When Darwin landed on Charles Island on 23rd September 1835 he observed a scrambling vine apparently suffocating the rest of the flora. This rampant plant from the family Cucurbitaceae, the squashes and cucumbers, was “in great beds injurious to vegetation,” clambering over the rest of the plants by means of its numerous tendrils. This pernicious plant was subsequently named by Joseph Hooker as Sicyos villosa, a new species of this widespread Pacific and Australian genus. The specific name refers to its coating of rough, shaggy hairs.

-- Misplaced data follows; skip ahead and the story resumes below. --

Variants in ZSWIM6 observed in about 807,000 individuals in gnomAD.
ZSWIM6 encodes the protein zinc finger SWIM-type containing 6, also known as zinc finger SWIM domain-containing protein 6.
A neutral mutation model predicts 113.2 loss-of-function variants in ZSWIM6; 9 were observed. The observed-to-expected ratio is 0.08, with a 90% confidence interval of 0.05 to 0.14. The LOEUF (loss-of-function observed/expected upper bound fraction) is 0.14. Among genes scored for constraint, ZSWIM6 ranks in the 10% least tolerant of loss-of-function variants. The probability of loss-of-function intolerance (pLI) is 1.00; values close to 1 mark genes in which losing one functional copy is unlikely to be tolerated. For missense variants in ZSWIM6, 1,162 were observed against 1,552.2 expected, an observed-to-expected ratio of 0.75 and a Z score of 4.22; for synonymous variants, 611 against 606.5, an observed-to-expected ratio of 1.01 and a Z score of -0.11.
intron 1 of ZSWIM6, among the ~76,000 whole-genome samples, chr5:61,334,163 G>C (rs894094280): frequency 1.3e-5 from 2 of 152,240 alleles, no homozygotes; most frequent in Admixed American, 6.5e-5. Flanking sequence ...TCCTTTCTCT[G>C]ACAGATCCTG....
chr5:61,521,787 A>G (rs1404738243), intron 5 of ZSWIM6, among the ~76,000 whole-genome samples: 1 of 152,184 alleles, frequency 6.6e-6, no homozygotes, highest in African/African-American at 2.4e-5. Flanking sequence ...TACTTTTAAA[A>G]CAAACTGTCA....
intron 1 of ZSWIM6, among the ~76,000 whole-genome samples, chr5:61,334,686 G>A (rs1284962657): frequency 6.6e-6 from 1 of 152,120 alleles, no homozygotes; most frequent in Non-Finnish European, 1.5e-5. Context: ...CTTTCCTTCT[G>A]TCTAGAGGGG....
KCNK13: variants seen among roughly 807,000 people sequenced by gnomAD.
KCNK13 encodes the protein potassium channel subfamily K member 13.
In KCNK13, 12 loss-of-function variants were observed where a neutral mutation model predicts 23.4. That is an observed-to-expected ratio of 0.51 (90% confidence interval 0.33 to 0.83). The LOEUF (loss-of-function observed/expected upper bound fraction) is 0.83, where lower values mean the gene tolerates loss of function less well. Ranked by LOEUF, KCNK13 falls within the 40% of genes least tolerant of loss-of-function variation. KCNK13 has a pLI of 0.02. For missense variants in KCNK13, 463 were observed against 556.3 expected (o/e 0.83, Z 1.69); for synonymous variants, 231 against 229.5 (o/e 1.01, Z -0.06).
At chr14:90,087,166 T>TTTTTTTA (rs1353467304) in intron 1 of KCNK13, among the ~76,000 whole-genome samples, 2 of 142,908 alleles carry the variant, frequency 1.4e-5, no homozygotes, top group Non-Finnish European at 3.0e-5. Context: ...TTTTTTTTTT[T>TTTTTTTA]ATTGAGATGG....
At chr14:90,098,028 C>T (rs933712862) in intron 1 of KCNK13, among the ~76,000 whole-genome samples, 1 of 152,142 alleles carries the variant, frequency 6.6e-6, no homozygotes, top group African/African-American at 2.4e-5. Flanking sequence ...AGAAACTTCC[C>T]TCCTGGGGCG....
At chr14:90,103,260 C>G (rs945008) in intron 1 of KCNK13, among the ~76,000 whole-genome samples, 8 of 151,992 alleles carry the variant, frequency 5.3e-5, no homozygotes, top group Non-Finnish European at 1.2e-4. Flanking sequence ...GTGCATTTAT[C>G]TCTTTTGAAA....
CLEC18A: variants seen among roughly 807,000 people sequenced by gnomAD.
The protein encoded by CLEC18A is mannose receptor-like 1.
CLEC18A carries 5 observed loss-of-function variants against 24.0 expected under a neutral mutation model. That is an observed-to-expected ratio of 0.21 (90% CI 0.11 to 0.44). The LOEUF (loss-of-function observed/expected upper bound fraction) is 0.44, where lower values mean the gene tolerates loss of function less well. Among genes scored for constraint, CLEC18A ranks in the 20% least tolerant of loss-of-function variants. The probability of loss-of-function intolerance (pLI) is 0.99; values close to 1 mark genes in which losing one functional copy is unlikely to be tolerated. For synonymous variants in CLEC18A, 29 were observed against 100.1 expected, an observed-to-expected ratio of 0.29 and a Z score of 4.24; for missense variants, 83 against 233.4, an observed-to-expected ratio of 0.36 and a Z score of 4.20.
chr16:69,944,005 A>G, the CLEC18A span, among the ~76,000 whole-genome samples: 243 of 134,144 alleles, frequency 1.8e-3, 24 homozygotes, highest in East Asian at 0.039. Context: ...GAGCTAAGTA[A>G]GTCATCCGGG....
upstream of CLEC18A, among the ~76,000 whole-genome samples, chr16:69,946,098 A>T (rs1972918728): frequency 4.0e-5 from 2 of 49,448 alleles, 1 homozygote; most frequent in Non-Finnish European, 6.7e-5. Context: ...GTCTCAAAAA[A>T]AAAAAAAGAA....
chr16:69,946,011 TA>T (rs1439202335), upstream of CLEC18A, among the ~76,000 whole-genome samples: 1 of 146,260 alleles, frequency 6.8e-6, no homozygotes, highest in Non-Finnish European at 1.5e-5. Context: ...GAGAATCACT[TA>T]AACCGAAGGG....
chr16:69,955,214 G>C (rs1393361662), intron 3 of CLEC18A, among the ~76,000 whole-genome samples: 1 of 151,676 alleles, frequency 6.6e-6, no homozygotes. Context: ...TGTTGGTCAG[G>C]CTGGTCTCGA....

Remarkably, this species was never collected again, nor was it even noted by later visitors to the island and is extinct today. We presume it died out soon after Darwin’s visit. Its demise may have been due to the “wild pigs and goats which abound” on the island.
The herbarium sheet is the only record of this extinct species.
Location : Cambridge Herbarium